[JPL] A Family That Plays Together, and a Jazz Legend

r durfee rdurfee2003 at yahoo.com
Mon Dec 3 18:43:29 EST 2007


December 2, 2007
Playlist
A Family That Plays Together, and a Jazz Legend 
By BEN RATLIFF
3 Cohens

There’s such a thing as a family sound, and the
musicians calling themselves the 3 Cohens have it. The
tenor saxophonist and clarinetist Anat Cohen, the
trumpeter Avishai Cohen and the soprano saxophonist
Yuval Cohen — originally from Israel and now all part
of the New York jazz world — weave their lines through
“Braid” (Anzic), a straight-ahead jazz record with
Latin and Middle Eastern tinges. (The rhythm section
is first-rate: Aaron Goldberg on piano, Omer Avital on
bass and Eric Harland on drums.) Over the past few
years, Anat has emerged as one of the best clarinet
players in jazz, with a warm and singing tone; Avishai
can play bebop and ballad lines and outer-limits
trumpet sounds with tireless fluency; Yuval has a full
and relaxed sound on the soprano. The arrangements are
good, but the record is best when they strain against
the composed lines and babble together in intuitive
counterpoint. It makes a strong case for each of them
individually, but it’s a surprisingly good band record
too. 

Horacio (El Negro) Hernandez

The revered Cuban drummer El Negro Hernandez has
become an American citizen, but his all-Cuban jazz
band, Italuba, can’t play in this country because of
United States sanctions against Cuba. So unless you
can see the band in Italy, where it is based, you’ll
have to make do with its albums. The second, “Italuba
II,” is athletic, sentimental and modern, with complex
rhythmic latticework and some intriguing lines; aside
from Mr. Hernandez’s hard and impressive performance,
the young trumpeter Amik Guerra stands out as a
musician to watch. Italuba’s record is one of several
releases from the new Venezuelan label Cacao Música,
founded by the drummer and broadcaster Omar Jeantón,
as well as a more surprising supporter of Latin jazz:
Bobby Abreu of the New York Yankees. 

Alemayehu Eshete

The great “Éthiopiques” CD reissue series rolls on,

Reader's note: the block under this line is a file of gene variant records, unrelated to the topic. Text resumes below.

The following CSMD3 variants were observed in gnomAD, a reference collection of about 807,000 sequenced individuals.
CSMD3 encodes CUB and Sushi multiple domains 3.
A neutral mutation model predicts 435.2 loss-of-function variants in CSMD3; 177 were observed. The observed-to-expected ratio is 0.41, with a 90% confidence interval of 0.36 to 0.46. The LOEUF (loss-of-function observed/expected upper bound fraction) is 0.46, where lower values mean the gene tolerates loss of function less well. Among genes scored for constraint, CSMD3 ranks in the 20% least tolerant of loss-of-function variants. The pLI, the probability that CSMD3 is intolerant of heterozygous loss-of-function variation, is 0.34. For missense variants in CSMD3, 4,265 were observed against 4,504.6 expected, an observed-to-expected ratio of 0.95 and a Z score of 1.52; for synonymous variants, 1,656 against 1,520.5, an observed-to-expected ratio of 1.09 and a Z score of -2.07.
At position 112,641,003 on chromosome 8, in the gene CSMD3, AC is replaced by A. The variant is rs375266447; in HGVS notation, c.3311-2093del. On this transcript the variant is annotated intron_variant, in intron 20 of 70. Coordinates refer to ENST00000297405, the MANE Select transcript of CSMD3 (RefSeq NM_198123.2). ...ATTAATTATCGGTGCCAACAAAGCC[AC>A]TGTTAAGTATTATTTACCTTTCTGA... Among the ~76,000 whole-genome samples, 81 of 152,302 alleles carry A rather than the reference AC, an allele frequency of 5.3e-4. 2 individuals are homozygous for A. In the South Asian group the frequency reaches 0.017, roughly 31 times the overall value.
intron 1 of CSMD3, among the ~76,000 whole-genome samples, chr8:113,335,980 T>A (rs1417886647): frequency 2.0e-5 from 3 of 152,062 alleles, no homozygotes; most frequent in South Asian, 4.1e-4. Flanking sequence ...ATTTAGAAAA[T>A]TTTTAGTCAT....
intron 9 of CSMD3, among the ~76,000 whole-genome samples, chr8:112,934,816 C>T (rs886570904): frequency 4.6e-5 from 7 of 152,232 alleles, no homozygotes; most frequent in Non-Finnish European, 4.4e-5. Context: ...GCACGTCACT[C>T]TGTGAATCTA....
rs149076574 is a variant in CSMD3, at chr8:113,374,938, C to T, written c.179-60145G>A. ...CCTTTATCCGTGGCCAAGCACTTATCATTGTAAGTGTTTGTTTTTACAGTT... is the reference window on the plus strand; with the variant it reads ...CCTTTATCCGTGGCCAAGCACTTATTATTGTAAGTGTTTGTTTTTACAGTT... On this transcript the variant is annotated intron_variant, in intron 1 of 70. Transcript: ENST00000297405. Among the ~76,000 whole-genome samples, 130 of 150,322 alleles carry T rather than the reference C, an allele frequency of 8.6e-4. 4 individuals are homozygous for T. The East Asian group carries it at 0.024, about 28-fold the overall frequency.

cataloging the astonishing breadth of music from
Ethiopia. Volume 22, released by the French label Buda
Musique, features the singer Alemayehu Eshete, a
light-voiced but intense singer who was popular in the
late ’60s and early ’70s and who has figured in
earlier series releases. (The overthrow of Haile
Selassie’s government by a military junta in 1974 put
the skids to his recording career and the youth
culture of Addis Ababa.) These recordings, made from
1972 to 1974, are funk and pop through a dusty looking
glass, with pentatonic scales, lean guitar lines,
bitter organ chords, horn-section responses to Mr.
Eshete’s sung lines, and fascinating vamp sections.
With some songs, you can kid yourself into thinking
they’re copies of American pop, but then the music
takes a turn and becomes something your ears probably
aren’t used to.

Dewey Redman

It will take a while longer to properly gauge the
importance of the saxophonist Dewey Redman, who died
last year at 75. Many people know him as a kind of
extension of Ornette Coleman, his friend and
collaborator. (He was an unknown musician before Mr.
Coleman hired him for a stretch in the late ’60s and
early ’70s, and he later spent 11 years in Old and New
Dreams, a band of Coleman sidemen who played a lot of
Coleman compositions.) And he did get Mr. Coleman’s
idea of melody-to-melody improvising under his
fingers, but he had many other things: a generous
blues language, a broad and serious (and almost
Coltrane-like) ballad sound, profound free-jazz
energy, bebop discipline and a really coherent sense
of narrative. This is a lot for one musician to have,
and all of it was in abundance on “The Struggle
Continues,” a record from 1982 that ECM has just
released on CD for the first time. Boy, is it good,
and ripe for rediscovery. 


http://www.nytimes.com/2007/12/02/arts/music/02play.html?ref=music

Roy Durfee
P.O. Box 40219
Albuquerque, New Mexico 87196-0219
rdurfee2003 at yahoo.com


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